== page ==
2.3% Rise in Crude Oil Price Sets the Tone

May 5, 2016

West Texas Intermediate crude oil rose a whole dollar to $44.78 per barrel on news of the lowest U.S. production last week in nineteen months.  There was an implicit signal from Saudi Arabia that its official believe oil has bottomed and will rise further.  Comex gold is 0.3% higher at $1,278.50 per ounce.

Firmer commodity prices melted risk aversion in other markets, enabling European share prices to rise for the first time in a week.  Stocks have climbed 2.8% in Greece, 1.0% in Spain, 0.7% in Italy, 0.3% in Germany and 0.1% in France.  Swiss markets are closed for Ascension Day, and Japanese and South Korean markets were shut for Children’s Day.  In other markets around the Pacific Rim, equities advanced by 0.9% in New Zealand, 0.6% in India and 0.2% in China, Australia and Indonesia but slipped 0.8% in Hong Kong and 0.2% in Taiwan and Singapore.

The 10-year British gilt yield dipped two basis points, while the 10-year German bund edged up a basis point.  The Turkish 10-year bond yield advanced to a one-month high as it appears that the authoritarian President Erdogan of the country has won his political battle with the more moderate prime minister, who likely will resign soon.

The dollar fell against commodity-sensitive currencies by 0.4% versus the loonie, 0.3% relative to the Aussie dollar and 0.1% vis-a-vis the kiwi.  Otherwise, the dollar rose 0.7% against the Swiss franc, 0.5% relative to the euro, 0.2% versus the yuan and 0.3% against the yen and sterling.

The National Bank of Romania retained a 1.75% policy interest rate despite hints after the previous central bank meeting at end-March that a possible rate hike would be considered at this meeting.  The last rate change, a cut of 25 basis points in May 2015, culminated 100 basis points of easing last year and 350 bps of cuts since mid-2013.

Further released purchasing manager surveys for the month of April were mostly weaker than the March reports, revealing

  • Two-month lows in China’s services and composite PMI indices to 51.8 and 50.8 according to Caixin.  Business sentiment failed to rise from a 3-month low in March.
  • A 26-month low in Ireland’s service-sector PMI to 59.8 compared to a 62.8 reading in March.
  • A 38-month low in the British services PMI to 52.3.  Analysts were predicting a 53.5 score versus 53.7 in March.  The composite PMI dropped 1.7 points to 51.9.  Blame Grexit fears.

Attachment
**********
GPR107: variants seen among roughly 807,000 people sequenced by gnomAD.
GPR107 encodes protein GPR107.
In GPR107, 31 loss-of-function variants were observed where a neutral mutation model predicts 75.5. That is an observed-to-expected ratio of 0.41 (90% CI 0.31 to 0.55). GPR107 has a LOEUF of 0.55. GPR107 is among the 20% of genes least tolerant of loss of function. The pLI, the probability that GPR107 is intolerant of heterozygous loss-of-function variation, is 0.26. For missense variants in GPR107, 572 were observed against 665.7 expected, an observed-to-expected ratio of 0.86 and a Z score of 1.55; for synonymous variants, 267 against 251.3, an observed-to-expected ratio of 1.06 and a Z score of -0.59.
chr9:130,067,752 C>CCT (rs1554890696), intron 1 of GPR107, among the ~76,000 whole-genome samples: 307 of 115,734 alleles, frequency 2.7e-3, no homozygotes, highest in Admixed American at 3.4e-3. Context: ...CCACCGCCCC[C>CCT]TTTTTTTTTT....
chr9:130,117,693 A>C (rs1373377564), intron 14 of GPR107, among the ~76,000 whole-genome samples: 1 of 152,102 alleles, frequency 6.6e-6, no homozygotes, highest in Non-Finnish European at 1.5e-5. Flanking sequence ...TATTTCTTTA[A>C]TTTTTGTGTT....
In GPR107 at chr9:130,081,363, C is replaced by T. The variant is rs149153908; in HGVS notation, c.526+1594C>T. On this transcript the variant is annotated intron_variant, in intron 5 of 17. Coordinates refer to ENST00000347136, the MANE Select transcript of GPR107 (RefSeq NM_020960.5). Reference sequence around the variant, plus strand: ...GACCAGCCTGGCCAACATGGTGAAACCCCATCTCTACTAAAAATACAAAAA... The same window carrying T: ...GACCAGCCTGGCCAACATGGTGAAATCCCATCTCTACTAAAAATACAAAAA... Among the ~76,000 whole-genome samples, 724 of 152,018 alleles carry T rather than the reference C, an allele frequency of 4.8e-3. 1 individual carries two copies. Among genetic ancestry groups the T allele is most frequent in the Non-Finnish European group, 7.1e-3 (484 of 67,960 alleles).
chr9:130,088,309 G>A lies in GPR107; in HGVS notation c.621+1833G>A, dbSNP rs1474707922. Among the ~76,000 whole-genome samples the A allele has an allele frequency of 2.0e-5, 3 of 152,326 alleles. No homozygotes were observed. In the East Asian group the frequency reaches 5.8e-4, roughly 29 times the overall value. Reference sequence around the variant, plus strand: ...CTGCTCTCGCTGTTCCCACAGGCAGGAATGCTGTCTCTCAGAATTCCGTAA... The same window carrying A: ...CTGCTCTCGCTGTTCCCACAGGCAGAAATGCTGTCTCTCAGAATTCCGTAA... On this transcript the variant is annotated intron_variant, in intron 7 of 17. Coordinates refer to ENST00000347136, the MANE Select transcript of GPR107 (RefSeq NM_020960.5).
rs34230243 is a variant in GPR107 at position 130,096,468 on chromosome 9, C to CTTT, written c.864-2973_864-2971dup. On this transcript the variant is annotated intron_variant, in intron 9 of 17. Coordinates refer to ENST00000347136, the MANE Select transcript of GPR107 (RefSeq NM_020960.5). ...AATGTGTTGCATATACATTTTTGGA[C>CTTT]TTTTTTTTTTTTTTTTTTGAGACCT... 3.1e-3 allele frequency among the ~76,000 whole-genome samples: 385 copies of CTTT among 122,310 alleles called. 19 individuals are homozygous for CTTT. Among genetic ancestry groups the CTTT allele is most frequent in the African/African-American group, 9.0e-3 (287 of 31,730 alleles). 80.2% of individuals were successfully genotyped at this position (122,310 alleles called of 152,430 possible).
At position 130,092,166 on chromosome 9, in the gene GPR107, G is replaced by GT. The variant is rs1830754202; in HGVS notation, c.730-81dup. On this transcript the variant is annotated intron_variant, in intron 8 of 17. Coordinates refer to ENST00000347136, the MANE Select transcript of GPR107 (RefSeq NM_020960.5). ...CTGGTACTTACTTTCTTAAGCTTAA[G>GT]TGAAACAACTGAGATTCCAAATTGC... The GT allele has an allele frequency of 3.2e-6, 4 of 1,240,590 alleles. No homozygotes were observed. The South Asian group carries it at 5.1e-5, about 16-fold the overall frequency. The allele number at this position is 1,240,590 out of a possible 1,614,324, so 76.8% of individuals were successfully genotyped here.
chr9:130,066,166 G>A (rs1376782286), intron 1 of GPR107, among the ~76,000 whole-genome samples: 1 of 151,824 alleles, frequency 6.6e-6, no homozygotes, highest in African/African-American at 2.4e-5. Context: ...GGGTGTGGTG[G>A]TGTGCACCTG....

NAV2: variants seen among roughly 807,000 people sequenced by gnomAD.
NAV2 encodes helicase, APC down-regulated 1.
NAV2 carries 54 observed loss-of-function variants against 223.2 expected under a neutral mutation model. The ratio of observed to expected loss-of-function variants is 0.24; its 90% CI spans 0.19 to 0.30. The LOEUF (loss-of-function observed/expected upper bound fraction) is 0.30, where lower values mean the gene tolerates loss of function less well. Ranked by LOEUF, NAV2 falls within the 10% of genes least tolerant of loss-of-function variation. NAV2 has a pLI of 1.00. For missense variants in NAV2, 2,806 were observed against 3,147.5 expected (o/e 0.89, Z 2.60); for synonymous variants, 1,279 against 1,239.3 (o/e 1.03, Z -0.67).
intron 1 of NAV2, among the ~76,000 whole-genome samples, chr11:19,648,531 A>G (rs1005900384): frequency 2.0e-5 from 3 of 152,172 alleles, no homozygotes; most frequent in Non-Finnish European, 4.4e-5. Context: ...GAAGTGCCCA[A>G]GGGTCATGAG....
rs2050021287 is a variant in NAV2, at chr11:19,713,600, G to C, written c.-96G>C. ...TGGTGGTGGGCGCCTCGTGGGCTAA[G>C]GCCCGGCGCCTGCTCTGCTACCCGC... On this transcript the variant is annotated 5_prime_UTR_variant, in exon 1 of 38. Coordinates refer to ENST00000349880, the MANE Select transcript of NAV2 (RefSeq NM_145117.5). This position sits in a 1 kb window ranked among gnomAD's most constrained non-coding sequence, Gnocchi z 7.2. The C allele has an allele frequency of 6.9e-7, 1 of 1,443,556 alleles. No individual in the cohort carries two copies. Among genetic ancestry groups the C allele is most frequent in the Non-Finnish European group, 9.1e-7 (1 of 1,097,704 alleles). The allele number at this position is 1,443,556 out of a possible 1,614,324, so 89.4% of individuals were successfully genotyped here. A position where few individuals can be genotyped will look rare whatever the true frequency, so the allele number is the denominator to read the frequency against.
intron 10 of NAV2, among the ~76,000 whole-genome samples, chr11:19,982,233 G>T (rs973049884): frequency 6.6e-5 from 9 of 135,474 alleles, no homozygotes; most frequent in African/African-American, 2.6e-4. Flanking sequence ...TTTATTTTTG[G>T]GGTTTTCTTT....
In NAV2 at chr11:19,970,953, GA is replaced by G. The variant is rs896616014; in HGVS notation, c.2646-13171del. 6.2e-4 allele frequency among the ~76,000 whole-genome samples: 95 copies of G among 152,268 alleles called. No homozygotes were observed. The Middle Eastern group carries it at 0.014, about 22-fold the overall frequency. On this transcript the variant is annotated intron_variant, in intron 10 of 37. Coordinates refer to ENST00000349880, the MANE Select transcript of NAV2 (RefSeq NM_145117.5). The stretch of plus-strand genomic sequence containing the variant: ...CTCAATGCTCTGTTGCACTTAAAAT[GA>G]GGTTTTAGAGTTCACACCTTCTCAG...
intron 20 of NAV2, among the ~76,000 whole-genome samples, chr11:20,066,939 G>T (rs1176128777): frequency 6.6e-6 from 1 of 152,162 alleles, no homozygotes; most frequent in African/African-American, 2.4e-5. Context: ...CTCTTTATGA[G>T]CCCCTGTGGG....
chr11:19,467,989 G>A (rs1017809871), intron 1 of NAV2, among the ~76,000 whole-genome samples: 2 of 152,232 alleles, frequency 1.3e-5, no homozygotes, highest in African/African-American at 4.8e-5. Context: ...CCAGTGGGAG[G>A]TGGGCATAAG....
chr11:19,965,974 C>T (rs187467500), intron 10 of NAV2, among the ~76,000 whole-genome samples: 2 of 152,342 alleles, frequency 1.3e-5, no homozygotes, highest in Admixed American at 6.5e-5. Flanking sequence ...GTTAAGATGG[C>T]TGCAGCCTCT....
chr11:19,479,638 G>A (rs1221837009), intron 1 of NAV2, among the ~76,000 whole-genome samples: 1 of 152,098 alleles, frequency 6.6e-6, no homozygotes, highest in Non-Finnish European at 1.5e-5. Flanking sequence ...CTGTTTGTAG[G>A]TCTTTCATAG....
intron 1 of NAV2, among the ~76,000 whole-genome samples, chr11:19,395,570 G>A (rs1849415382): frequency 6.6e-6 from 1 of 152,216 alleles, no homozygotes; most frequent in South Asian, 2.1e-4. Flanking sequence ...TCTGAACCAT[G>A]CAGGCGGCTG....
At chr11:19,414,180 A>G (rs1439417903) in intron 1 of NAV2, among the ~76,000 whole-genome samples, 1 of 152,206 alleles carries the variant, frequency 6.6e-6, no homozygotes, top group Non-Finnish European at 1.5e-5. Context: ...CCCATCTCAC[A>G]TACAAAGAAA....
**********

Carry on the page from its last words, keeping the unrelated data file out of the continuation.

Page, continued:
• An 8-month low in Hong Kong’s private PMI to 45.3.  Employment, orders and output declined.  Input price inflation slowed.
  • A 2.6-point slide in Singapore’s private PMI, which fell under the 50 no change mark for the first time in 11 months with the weakest reading on export orders since end-2012.
  • A 0.9 point rebound in South Africa’s private PMI to 47.9 versus March’s 20-month low.  Activity is still contracting, nonetheless.

Three Australian economic indicators were reported:

  1. The trade deficit narrowed 28.9% on month in March as exports rose 4.3% to an import gain of 0.7%.  The first-quarter deficit totaled AUD 8.477 billion.
  2. Retail sales increased 0.4% in March and were 3.6% greater than a year earlier.  Sales volume growth in 1Q of 0.5% was a bit less than forecast.
  3. New home sales dropped 0.4% in March, which was less than February’s monthly plunge of 5.3%.

The 12-month decline in Cypriot consumer prices remained at 2.5%.  Retail sales in Hong Kong posted a 9.8% March-on-March drop.

Neel Kashkari, president of the Minneapolis Fed asserted that he doesn’t foresee a U.S. recession but also said the Fed would not be raising interest rates in an aggressive fashion.  Several other Fed officials — Bullard, Kaplan, Lockhart, and Williams — speak publicly today.

The Czech National Bank and Bank of Mexico are holding policy meetings today.

U.S. weekly jobless claims and Canadian building permits will be reported as well.

Copyright 2016, Larry Greenberg.  All rights reserved.  No secondary distribution without express permission.

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